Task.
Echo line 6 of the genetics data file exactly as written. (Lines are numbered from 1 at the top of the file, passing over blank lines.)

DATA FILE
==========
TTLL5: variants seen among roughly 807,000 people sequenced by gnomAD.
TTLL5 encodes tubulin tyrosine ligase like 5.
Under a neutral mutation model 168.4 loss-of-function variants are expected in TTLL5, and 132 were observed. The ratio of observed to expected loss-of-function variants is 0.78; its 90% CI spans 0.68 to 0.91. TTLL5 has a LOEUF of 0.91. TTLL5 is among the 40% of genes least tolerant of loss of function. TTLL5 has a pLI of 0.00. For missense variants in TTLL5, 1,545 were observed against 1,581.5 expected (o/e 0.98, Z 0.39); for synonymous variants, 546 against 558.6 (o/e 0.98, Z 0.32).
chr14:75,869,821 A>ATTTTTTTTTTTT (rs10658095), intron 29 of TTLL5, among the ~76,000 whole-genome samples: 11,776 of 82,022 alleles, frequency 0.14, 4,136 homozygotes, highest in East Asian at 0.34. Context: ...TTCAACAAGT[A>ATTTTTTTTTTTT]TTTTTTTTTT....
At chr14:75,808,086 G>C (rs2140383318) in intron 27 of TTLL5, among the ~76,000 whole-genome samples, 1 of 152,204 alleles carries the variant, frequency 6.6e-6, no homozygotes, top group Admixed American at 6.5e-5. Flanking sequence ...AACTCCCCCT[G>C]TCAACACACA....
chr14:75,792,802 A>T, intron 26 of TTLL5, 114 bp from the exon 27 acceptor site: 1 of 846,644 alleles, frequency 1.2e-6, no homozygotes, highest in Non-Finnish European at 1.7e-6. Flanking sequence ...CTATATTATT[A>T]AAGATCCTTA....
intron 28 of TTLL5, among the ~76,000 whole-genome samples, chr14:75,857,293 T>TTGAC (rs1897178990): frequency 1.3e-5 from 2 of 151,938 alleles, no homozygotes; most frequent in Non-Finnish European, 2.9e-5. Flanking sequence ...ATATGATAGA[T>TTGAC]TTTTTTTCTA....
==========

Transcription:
chr14:75,792,802 A>T, intron 26 of TTLL5, 114 bp from the exon 27 acceptor site: 1 of 846,644 alleles, frequency 1.2e-6, no homozygotes, highest in Non-Finnish European at 1.7e-6. Flanking sequence ...CTATATTATT[A>T]AAGATCCTTA....